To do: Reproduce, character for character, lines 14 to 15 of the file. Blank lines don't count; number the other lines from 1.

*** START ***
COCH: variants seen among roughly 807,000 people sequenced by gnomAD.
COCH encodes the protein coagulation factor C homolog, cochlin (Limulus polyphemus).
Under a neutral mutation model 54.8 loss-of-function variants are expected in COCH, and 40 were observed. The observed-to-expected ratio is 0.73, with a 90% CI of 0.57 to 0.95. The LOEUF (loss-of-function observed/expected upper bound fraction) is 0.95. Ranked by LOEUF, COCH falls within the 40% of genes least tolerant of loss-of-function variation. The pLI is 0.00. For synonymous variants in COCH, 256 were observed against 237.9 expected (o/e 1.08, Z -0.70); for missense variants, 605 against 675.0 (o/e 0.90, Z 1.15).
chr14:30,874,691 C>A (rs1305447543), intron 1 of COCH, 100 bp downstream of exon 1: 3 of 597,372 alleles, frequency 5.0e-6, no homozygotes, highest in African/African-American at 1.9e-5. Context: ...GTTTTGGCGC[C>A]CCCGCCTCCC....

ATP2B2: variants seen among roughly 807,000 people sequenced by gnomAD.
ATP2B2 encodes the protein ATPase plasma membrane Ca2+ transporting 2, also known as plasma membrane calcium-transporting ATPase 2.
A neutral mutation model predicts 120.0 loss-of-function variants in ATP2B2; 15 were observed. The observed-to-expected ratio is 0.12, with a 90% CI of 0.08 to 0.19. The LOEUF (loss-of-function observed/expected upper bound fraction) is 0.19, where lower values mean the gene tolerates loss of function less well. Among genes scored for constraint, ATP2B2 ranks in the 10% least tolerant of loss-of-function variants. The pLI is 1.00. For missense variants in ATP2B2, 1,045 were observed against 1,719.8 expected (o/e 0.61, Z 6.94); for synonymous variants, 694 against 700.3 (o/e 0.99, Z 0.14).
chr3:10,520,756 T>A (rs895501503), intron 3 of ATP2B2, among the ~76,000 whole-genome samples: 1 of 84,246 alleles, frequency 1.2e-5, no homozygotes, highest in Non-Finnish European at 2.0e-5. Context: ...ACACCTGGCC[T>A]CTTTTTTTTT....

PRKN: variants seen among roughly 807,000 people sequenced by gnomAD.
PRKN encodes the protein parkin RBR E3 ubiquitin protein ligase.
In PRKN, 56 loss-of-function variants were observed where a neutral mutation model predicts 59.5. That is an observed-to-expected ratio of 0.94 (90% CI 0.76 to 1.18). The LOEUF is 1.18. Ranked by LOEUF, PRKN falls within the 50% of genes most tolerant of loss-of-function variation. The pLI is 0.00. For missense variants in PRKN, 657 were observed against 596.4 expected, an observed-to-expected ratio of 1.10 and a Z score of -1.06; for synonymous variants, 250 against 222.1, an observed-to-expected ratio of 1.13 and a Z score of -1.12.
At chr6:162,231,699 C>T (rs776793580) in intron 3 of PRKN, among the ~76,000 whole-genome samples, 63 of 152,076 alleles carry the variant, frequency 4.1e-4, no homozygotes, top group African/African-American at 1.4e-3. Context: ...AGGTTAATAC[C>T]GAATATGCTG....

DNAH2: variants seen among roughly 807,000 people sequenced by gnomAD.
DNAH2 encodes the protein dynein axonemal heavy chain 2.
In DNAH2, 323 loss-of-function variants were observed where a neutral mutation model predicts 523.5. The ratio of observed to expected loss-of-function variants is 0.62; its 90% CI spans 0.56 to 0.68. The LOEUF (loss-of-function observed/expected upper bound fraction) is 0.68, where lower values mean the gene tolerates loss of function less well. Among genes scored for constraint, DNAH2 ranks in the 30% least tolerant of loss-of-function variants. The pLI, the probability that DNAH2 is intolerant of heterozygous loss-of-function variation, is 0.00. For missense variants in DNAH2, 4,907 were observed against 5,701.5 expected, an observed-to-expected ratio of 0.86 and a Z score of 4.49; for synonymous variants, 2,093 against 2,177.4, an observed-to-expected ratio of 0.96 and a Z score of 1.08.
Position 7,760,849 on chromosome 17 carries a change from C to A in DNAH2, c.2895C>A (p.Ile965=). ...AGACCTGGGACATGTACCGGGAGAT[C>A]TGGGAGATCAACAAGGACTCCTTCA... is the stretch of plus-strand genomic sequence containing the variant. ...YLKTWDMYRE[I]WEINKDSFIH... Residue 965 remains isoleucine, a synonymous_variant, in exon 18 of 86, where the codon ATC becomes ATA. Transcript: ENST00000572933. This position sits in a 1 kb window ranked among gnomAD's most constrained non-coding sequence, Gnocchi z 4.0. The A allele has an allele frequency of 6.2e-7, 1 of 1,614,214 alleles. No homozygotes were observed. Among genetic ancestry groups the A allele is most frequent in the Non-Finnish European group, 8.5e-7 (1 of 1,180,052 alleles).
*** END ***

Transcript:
DNAH2 encodes the protein dynein axonemal heavy chain 2.
In DNAH2, 323 loss-of-function variants were observed where a neutral mutation model predicts 523.5. The ratio of observed to expected loss-of-function variants is 0.62; its 90% CI spans 0.56 to 0.68. The LOEUF (loss-of-function observed/expected upper bound fraction) is 0.68, where lower values mean the gene tolerates loss of function less well. Among genes scored for constraint, DNAH2 ranks in the 30% least tolerant of loss-of-function variants. The pLI, the probability that DNAH2 is intolerant of heterozygous loss-of-function variation, is 0.00. For missense variants in DNAH2, 4,907 were observed against 5,701.5 expected, an observed-to-expected ratio of 0.86 and a Z score of 4.49; for synonymous variants, 2,093 against 2,177.4, an observed-to-expected ratio of 0.96 and a Z score of 1.08.